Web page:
Thursday, February 23, 2012

Downton State Correctional Abbey: Week 2

Let us return, for one final week, to worlds of rules unspoken and classes inviolate, or not. If only I’d had a little foresight, I’ve had started this sooner, but alas, as I’m sure both residents of Downton and Em City would quickly remind me, you can’t plan for everything, if you can plan for anything at all.

 #1s- Ryan O’Reilly and the Dowager Countess Violet
Last week, I said Ryan better start making moves, and this week he delivered. A key role in the alliance against Schillinger, and fixing boxing matches were but prelude to his machinations that kept him from being butchered for fixing those matches. It’s a masterful series of plots and plays that ends with Ryan smelling the daisy, and the Italians, who he last screwed over in the ring, indebted to him.
Despite these displays, though, he faced some stiff, stiff competition. Two things kept him on top. Firstly, he just plain got funny lines, but more significantly, I think he revealed himself as truly the best capable of surviving Oz—he’s both willing and able to navigate groups outside his own. He has, I think, significant scenes with every faction other than the Brotherhood, and while none like him much, they somehow get bent to his will. He’s a social chameleon, and as we’ll see on this list, that’s a valuable skill.
 “Is that a promise?” BOOM! Headshot! No more needs saying. Come at the Dowager Countess, you best not miss.

#2s- Matthew Crawler and Adebisi
 Matthew positively tears onto the ladder, demolishing the need for a dedicated POV Character bracket in the process. He’d have made a good showing had he just decked Sir Dick, but he also got over last week’s dramatics and histrionics, and and he dealt with Mary’s confession with remarkable aplomb. He doesn’t think she’s done anything that needs forgiving? Wow, it’s 1920, and Matt’s pushing sexual politics up to, like, 1930! Very progressive, and I’m glad the show characterized him this way—he seems about as un-condescending as we can expect.
 Man, here do I eat my words. A kinder, gentler, more subdued Adebisi? Not in the cards. Adebisi was nothing less than terrifying as he violently and creepily reasserted control—and even though he crippled or possibly killed most of his gang to get it, he still looks primed to keep it for a while yet. He’s even taken to styling himself as some freakish, frightening mentor, in what seems like a parody of Said. How could I have ever doubted?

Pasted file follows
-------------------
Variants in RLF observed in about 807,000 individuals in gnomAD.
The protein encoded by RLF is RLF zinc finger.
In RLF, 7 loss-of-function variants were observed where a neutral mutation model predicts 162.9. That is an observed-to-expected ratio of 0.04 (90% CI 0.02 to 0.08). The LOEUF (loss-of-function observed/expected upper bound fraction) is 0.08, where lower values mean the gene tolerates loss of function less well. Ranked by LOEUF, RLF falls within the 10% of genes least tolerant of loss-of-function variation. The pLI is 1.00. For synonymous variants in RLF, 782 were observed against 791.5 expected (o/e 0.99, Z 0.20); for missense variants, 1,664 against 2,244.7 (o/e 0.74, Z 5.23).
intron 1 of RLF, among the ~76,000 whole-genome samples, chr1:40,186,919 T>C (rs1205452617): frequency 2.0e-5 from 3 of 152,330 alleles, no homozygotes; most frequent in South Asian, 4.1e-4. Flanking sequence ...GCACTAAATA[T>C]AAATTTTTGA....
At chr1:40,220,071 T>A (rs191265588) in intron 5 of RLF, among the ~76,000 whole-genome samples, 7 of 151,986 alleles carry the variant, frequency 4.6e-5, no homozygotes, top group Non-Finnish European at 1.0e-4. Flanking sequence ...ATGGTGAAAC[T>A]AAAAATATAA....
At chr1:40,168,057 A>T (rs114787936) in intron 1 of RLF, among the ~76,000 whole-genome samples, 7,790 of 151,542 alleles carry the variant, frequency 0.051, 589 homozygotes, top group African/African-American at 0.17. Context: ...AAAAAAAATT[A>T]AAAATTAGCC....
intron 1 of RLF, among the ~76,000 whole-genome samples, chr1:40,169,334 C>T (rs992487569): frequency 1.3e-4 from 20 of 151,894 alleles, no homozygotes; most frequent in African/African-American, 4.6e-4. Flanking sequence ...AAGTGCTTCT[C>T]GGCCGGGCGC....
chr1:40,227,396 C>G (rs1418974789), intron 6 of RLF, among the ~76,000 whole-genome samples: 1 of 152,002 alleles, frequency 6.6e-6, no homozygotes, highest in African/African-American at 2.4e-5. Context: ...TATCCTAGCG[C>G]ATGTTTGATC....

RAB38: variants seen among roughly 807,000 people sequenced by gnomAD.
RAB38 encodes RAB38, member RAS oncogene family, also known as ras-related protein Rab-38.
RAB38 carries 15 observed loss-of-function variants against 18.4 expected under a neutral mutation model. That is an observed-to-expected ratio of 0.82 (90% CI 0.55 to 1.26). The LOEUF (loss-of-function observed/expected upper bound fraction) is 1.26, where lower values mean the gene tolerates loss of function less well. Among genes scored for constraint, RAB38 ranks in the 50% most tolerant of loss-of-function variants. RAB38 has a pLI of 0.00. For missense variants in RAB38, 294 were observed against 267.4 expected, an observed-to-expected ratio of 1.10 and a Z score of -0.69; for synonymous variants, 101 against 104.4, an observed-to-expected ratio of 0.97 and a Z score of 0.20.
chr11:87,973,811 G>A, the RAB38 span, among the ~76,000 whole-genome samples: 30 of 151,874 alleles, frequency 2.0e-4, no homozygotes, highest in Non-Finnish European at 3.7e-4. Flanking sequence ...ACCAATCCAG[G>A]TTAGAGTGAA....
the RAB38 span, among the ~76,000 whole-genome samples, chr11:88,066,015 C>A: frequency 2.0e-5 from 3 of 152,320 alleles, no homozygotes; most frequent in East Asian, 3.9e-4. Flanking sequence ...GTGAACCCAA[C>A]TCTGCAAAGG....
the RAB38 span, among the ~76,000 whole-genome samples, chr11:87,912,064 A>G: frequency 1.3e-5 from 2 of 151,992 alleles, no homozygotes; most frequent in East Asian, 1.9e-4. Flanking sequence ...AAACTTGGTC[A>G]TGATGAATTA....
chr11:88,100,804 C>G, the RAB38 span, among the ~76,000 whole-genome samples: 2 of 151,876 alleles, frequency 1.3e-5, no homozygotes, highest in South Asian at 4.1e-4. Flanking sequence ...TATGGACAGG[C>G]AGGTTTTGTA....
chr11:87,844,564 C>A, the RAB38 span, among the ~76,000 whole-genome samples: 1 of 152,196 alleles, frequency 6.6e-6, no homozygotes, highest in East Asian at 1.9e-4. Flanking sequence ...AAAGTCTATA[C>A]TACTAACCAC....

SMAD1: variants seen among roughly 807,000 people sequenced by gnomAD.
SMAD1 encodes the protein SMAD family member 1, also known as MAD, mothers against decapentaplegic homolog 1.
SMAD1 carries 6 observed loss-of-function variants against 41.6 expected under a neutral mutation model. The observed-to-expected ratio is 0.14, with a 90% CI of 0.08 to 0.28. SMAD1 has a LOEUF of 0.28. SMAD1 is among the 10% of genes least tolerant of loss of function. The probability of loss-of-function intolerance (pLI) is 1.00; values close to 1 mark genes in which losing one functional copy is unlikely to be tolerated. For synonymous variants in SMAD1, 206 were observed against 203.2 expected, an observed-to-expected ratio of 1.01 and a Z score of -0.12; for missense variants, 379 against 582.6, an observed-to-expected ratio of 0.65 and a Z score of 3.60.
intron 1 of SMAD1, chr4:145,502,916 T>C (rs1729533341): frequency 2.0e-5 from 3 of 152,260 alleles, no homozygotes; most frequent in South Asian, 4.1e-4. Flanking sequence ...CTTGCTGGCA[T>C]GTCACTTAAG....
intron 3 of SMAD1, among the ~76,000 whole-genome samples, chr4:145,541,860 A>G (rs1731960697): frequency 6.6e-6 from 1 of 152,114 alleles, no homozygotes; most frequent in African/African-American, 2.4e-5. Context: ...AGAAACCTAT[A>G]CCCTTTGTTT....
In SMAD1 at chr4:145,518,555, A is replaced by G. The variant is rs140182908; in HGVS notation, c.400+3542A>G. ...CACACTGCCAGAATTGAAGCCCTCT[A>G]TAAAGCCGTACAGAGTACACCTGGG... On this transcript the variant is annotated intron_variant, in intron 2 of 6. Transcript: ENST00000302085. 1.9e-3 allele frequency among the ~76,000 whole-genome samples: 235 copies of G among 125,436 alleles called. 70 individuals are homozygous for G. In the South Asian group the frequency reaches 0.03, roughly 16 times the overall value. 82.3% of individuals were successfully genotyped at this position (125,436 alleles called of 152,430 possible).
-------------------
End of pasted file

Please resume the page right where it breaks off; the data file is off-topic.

#3s- Kareem Said and Lady Mary
 Many surprises from Said in these episodes, twists, turns, and revelations, and a fall. That it wasn’t a fall precipitated from an outside rival wasn’t a shock—the Aryans didn’t beat him down, and Admin didn’t break him, he was ousted as Imam by his own brothers. But again, that was no surprise. What is surprising is that it wasn’t his making eyes at Ross’ sister that prompted it (though they didn’t like that none), but his willingness to teach Beecher. That was quite the turn. We also got a little peek into his misty past, with a visit from his preacher sister filling in just enough backstory to be intriguing (a sister who, incidentally, approves of Said talking to white ladies no more than his Muslim brothers). But that was overshadowed by his moving tumble from power, prompted by reaching outside his group. He could have learned a trick or two from Ryan, perhaps.
 I think the fusion of Mary Super Bitch and Mary Boundless Inner-Resolve may have happened a bit this week. She was witty with her passive-aggression yet again (weighing much more in the aggression), and yet steeled herself to deal with the fallout of the Pamuk matter on all fronts—Sir Dick and the public, Lord Grantham, and Matt—not fearlessly, but resolutely, and she gets rewarded at least twice. Good show!

#4s- Mrs. Patmore and Tobias Beecher
 I hadn’t given Mrs. Patmore much thought, and fewer props, despite being strong and steady, and some of that has to be because, well, I hate Daisy—simpering, insipid, tedious, I could go on. It was, therefore, rather delightful to watch Mrs. Patmore exploit those traits to, dear God, I hope make Daisy less simpering, insipid, and tedious. Her scene where she wrests control of the Ouija board, using Thomas and O’Brien’s scammery for good, was great on its own. If the result, Daisy meeting with William’s father and getting some good advice and a little self-esteem, leads to Daisy becoming less annoying, so much the better. This week, Mrs. Patmore gets her props, well earned.